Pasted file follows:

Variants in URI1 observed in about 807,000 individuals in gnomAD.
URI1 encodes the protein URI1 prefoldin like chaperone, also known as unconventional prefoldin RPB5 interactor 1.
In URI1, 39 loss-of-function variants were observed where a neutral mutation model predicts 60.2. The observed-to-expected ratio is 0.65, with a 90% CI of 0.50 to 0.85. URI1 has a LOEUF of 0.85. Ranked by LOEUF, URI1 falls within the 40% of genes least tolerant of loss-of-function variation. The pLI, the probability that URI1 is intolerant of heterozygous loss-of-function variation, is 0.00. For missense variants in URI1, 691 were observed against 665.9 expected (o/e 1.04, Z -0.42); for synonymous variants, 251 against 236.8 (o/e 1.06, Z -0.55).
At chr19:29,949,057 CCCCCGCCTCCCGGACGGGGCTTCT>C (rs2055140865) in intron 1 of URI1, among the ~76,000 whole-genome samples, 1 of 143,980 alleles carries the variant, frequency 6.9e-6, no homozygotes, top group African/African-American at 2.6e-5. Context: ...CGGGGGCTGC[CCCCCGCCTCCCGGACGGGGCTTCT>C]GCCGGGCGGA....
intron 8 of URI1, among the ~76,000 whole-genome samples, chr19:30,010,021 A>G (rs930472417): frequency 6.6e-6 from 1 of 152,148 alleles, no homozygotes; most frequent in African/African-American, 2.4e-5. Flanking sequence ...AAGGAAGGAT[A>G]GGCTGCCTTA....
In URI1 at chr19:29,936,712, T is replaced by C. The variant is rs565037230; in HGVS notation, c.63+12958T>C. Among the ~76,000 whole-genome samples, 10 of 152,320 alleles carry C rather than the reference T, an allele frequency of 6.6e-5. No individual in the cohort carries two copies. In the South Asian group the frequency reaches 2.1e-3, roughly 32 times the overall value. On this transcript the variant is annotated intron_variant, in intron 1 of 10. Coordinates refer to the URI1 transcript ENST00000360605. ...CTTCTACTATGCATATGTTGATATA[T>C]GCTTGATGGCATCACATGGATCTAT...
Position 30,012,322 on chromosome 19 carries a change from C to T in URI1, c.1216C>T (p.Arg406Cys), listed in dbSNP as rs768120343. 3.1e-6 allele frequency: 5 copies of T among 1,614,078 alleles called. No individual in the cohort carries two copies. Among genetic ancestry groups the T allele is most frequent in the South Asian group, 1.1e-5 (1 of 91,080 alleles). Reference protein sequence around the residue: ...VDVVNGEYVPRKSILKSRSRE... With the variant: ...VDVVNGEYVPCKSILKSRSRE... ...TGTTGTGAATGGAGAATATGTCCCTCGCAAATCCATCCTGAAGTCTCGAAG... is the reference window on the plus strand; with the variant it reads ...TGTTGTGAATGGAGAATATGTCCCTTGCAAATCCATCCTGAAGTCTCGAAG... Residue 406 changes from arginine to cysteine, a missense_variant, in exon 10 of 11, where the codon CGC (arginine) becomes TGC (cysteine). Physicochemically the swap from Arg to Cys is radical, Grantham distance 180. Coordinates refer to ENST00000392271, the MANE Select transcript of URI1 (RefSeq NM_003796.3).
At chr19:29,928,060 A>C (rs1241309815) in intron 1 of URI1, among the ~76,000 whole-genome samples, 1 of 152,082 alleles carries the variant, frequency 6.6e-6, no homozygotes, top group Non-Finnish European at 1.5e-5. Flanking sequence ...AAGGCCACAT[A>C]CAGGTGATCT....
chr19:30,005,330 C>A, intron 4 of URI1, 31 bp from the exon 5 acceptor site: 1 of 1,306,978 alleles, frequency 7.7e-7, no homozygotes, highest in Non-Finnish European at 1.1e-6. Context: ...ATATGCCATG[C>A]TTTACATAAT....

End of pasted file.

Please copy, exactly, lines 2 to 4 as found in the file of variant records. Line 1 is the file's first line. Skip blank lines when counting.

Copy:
URI1 encodes the protein URI1 prefoldin like chaperone, also known as unconventional prefoldin RPB5 interactor 1.
In URI1, 39 loss-of-function variants were observed where a neutral mutation model predicts 60.2. The observed-to-expected ratio is 0.65, with a 90% CI of 0.50 to 0.85. URI1 has a LOEUF of 0.85. Ranked by LOEUF, URI1 falls within the 40% of genes least tolerant of loss-of-function variation. The pLI, the probability that URI1 is intolerant of heterozygous loss-of-function variation, is 0.00. For missense variants in URI1, 691 were observed against 665.9 expected (o/e 1.04, Z -0.42); for synonymous variants, 251 against 236.8 (o/e 1.06, Z -0.55).
At chr19:29,949,057 CCCCCGCCTCCCGGACGGGGCTTCT>C (rs2055140865) in intron 1 of URI1, among the ~76,000 whole-genome samples, 1 of 143,980 alleles carries the variant, frequency 6.9e-6, no homozygotes, top group African/African-American at 2.6e-5. Context: ...CGGGGGCTGC[CCCCCGCCTCCCGGACGGGGCTTCT>C]GCCGGGCGGA....